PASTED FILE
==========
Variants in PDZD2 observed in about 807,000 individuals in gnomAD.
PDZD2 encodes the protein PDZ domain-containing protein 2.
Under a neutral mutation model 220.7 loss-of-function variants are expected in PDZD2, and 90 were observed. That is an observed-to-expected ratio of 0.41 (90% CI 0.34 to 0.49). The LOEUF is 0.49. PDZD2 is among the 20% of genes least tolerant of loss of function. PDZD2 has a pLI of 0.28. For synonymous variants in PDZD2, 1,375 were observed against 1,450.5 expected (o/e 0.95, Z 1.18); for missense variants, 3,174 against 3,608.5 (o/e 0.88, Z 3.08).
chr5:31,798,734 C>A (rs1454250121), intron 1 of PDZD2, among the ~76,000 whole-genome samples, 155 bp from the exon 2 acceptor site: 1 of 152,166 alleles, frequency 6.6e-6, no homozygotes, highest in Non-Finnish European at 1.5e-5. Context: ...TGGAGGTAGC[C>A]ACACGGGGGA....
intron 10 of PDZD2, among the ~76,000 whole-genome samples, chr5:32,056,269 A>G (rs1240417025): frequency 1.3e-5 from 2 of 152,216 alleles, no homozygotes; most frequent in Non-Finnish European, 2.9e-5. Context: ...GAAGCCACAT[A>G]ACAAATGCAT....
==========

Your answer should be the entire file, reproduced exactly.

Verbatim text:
Variants in PDZD2 observed in about 807,000 individuals in gnomAD.
PDZD2 encodes the protein PDZ domain-containing protein 2.
Under a neutral mutation model 220.7 loss-of-function variants are expected in PDZD2, and 90 were observed. That is an observed-to-expected ratio of 0.41 (90% CI 0.34 to 0.49). The LOEUF is 0.49. PDZD2 is among the 20% of genes least tolerant of loss of function. PDZD2 has a pLI of 0.28. For synonymous variants in PDZD2, 1,375 were observed against 1,450.5 expected (o/e 0.95, Z 1.18); for missense variants, 3,174 against 3,608.5 (o/e 0.88, Z 3.08).
chr5:31,798,734 C>A (rs1454250121), intron 1 of PDZD2, among the ~76,000 whole-genome samples, 155 bp from the exon 2 acceptor site: 1 of 152,166 alleles, frequency 6.6e-6, no homozygotes, highest in Non-Finnish European at 1.5e-5. Context: ...TGGAGGTAGC[C>A]ACACGGGGGA....
intron 10 of PDZD2, among the ~76,000 whole-genome samples, chr5:32,056,269 A>G (rs1240417025): frequency 1.3e-5 from 2 of 152,216 alleles, no homozygotes; most frequent in Non-Finnish European, 2.9e-5. Context: ...GAAGCCACAT[A>G]ACAAATGCAT....